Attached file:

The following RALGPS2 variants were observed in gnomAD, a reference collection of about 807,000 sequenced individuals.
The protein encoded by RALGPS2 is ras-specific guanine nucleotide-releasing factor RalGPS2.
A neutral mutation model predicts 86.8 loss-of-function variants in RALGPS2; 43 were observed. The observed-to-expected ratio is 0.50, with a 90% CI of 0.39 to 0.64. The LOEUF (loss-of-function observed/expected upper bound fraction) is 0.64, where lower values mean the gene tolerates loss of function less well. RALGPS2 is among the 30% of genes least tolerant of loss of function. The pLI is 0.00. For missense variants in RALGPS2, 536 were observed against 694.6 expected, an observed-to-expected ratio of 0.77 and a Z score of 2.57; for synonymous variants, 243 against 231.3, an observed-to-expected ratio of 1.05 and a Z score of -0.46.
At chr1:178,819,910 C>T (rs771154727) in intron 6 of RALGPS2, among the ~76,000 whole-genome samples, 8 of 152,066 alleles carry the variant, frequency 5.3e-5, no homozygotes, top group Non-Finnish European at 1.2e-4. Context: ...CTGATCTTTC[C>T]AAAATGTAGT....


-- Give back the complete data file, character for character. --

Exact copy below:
The following RALGPS2 variants were observed in gnomAD, a reference collection of about 807,000 sequenced individuals.
The protein encoded by RALGPS2 is ras-specific guanine nucleotide-releasing factor RalGPS2.
A neutral mutation model predicts 86.8 loss-of-function variants in RALGPS2; 43 were observed. The observed-to-expected ratio is 0.50, with a 90% CI of 0.39 to 0.64. The LOEUF (loss-of-function observed/expected upper bound fraction) is 0.64, where lower values mean the gene tolerates loss of function less well. RALGPS2 is among the 30% of genes least tolerant of loss of function. The pLI is 0.00. For missense variants in RALGPS2, 536 were observed against 694.6 expected, an observed-to-expected ratio of 0.77 and a Z score of 2.57; for synonymous variants, 243 against 231.3, an observed-to-expected ratio of 1.05 and a Z score of -0.46.
At chr1:178,819,910 C>T (rs771154727) in intron 6 of RALGPS2, among the ~76,000 whole-genome samples, 8 of 152,066 alleles carry the variant, frequency 5.3e-5, no homozygotes, top group Non-Finnish European at 1.2e-4. Context: ...CTGATCTTTC[C>T]AAAATGTAGT....